Can we as a film audience separate fact from science fiction? You can choose to believe in them or not, but for the real people represented in the following alien abduction films, extraterrestrial visitations to our planet are nothing short of the absolute truth. Using methods of hypnosis and conscious recall, abductees of unearthly abductors were able to reproduce their experiences through memoirs and documented case studies, which were later turned into books for the mass market.
Oftentimes, the media depicts alien life forms as either completely malevolent (as is the case in Alien or The Thing), or entirely harmless (think E.T. the Extra-Terrestrial or Mac and Me). While it’s up for debate what extraterrestrials’ meddlings with man ultimately accomplish, it’s very clear to contactees that they have an agenda of their own. The books written by or for these abductees usually portray aliens as non-threatening and somewhat friendly, although they are frequently depicted as hostile, cold, and steadfast.
These three films, which were based on true events according to the authors and abductees, describe alien life as they have experienced it, most of the time involuntarily so. It may not be the aliens’ intent to frighten us, but after watching these alarming dramatizations, we as the human species have much to think about.
1. Communion (1989)
Based on the book of the same name by Whitley Strieber, Communion focuses on the struggles of the author himself, played by Christopher Walken, to come to terms with the possibility that he and his family may have been visited by aliens during a secluded winter vacation. Communion is a highly visual affair; Strieber cannot decide if what he’s seeing are just hallucinations and dreams, or if the entities are the real deal. Once Strieber finally seeks help from professionals, his involvement in the ordeal begs the question: What do the beings want?
The book, which presents Strieber’s musings on the subject of his alien experiences, was published in 1987. Within its pages are Strieber’s discussions and hypnotic sessions with a well-known UFO researcher named Budd Hopkins, Strieber’s own recollections of possibly earlier otherworldly encounters, and contemplation about the spiritual nature of the alien beings. Communion takes some liberties with the subject matter, but seeing it for yourself is still a prerequisite for those interested in remarkable phenomena.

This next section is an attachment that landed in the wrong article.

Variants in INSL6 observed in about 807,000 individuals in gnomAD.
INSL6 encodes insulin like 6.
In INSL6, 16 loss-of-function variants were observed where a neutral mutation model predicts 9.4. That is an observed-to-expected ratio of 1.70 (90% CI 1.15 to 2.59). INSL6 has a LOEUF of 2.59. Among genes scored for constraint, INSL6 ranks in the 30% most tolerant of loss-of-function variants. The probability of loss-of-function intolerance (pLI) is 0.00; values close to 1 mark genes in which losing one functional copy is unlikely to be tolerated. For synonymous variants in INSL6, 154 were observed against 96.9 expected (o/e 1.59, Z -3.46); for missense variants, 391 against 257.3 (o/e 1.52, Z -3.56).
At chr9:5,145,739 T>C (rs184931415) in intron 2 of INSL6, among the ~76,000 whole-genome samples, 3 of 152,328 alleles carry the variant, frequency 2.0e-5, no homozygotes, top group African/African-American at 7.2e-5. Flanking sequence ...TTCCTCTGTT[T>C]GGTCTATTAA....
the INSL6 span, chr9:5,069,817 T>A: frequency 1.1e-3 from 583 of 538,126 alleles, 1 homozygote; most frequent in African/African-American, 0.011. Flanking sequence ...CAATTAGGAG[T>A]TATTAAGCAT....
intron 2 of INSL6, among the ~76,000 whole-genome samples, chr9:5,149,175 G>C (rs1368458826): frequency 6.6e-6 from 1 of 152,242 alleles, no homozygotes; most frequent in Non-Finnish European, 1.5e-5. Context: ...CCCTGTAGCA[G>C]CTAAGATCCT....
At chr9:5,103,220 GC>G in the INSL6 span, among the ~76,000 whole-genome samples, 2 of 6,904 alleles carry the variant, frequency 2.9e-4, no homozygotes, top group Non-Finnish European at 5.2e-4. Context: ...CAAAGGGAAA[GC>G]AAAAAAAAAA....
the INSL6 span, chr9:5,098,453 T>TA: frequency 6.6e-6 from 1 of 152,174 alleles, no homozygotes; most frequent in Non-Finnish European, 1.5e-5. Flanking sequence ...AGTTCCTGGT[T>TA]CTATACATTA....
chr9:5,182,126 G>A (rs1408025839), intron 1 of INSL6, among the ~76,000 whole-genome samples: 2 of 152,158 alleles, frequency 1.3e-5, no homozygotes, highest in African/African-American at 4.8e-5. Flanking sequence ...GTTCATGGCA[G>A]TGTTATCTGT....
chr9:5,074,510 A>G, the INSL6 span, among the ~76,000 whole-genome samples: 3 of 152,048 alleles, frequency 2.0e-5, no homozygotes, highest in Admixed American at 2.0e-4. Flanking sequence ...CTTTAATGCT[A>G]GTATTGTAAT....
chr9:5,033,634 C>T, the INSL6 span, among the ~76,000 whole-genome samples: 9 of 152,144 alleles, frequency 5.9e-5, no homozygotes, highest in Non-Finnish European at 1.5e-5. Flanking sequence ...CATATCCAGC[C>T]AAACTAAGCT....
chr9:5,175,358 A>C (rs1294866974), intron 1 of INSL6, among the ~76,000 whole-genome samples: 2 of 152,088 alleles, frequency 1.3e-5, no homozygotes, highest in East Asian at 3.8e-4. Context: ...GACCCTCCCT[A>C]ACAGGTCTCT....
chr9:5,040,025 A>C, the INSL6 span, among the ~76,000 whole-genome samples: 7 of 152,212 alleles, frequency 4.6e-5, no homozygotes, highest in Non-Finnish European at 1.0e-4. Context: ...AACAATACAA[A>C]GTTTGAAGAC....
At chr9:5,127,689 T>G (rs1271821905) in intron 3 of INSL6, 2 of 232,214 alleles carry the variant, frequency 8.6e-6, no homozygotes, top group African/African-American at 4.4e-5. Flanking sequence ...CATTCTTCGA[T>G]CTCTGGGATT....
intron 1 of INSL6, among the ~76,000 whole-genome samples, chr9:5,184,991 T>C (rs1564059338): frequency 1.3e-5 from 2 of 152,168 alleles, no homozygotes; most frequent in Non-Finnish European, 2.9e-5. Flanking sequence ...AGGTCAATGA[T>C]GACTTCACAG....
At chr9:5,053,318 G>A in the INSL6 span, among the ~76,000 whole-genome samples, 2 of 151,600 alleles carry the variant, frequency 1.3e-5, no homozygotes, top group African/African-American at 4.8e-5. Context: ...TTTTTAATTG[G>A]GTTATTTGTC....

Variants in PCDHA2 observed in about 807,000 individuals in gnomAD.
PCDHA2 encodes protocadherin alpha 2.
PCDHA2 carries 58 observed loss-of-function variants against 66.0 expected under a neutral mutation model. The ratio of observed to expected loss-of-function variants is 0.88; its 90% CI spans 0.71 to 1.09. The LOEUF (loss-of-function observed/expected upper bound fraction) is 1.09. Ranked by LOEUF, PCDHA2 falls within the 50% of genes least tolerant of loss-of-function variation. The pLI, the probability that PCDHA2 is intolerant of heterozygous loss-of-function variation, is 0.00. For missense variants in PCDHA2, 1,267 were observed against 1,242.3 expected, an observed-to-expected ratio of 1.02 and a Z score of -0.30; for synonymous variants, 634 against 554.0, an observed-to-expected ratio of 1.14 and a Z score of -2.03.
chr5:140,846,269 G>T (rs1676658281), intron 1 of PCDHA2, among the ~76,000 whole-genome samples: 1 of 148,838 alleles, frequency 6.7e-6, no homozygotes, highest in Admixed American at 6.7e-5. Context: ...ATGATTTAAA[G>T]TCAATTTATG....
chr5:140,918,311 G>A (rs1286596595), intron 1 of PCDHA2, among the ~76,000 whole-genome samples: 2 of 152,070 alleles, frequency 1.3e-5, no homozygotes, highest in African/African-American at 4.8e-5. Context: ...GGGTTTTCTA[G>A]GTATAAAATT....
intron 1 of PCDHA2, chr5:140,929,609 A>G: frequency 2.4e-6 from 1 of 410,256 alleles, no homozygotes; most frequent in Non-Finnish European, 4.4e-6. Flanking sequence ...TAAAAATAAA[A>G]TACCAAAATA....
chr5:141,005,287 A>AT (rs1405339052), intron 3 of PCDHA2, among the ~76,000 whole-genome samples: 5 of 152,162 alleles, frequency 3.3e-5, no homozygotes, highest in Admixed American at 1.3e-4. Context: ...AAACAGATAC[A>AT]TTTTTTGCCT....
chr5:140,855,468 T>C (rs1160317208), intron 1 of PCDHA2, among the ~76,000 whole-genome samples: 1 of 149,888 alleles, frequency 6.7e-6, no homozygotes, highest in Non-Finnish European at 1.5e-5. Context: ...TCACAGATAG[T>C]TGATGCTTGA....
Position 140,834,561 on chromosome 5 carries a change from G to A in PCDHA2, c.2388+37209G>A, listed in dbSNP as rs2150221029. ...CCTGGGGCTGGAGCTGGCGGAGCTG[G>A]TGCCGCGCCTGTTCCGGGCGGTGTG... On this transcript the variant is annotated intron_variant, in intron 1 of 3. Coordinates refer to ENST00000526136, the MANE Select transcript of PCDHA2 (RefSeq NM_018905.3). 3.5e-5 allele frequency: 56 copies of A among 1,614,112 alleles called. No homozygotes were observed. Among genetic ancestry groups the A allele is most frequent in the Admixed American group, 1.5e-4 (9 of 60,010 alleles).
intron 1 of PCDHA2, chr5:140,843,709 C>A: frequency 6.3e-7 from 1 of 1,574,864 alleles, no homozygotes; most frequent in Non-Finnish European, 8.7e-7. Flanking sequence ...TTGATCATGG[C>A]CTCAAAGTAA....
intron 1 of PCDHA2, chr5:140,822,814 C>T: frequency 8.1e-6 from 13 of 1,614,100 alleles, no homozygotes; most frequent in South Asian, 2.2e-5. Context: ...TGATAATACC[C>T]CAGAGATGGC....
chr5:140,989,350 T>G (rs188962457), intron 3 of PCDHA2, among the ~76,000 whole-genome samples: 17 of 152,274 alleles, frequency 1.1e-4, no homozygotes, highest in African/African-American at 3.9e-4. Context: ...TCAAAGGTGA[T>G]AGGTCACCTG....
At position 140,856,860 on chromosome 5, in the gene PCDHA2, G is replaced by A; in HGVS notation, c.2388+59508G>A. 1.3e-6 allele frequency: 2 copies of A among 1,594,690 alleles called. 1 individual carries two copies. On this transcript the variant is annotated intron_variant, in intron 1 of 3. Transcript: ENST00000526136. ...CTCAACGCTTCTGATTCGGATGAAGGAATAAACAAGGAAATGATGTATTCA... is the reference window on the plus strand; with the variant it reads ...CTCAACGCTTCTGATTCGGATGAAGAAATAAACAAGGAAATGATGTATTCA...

2. Intruders (1992)
This television miniseries based on Budd Hopkins’ 1987 book Intruders: The Incredible Visitations at Copley Woods plays upon the audience’s fear of home invasions, but takes it to a whole new level when Lesley Hahn, played by Daphne Ashbrook, begins to believe the invaders may not have been human. Also experiencing similar paranormal activity is Mary Wilkes, played by Mare Winningham. Both Hahn and Wilkes seek solid answers for the causes of their trauma, and that’s where psychiatrist Dr. Neil Chase, played by Richard Crenna, believes he can help.
Moving at a slower pace, Intruders gives us some insight into the psychological effects of alien abduction, considering both the people who are directly involved in the encounter and those who are close to the abductee. Although quite different from its source material in some regards, Intruders respectfully keeps the thoughts and feelings of the abductees at the center of attention, and similar to the book, reinforces the idea that perhaps many scientific studies should be initiated to question the reasons behind alien abductions and their dire intentions for mankind.
3. Fire in the Sky (1993)
Travis Walton’s documented experiences in his 1978 book The Walton Experience served as Fire in the Sky’s basis, which is different from other alien abduction films in that its plot revolves around the lives of Walton’s friends and co-workers, who were present at his abduction in the woods of Northeastern Arizona, and were blamed for his disappearance. Walton’s friend, Mike Rogers, played by Robert Patrick, leads Fire in the Sky’s dramatic story of a few men who witnessed something they could not explain, and yet were the only ones who could potentially make the world believe in the unbelievable.
An important aspect to note is that Fire in the Sky’s depiction of Walton’s experience inside the alien spacecraft, which was altered at the studio’s request, is vastly different from his own description in The Walton Experience. That being said, Fire in the Sky is not a pure representation of the book’s content, but there is so much detail in Walton’s second book on the subject, Fire in the Sky: The Walton Experience, published in 1996, that any single film adaptation could probably never do the controversial case any justice.
Perhaps being able to truly believe in something as extraordinary as alien contact with human beings requires more than just a viewing of a supposedly fact-based movie. It’s essential that these stories are told through multiple forms of media, as they will reach a wider audience and give more people the chance to learn about a world of mystery beyond their own. If nothing else, these alien abduction films and books will remain a cornerstone of paranormal culture, and will hopefully inspire others to share their own unexplainable experiences.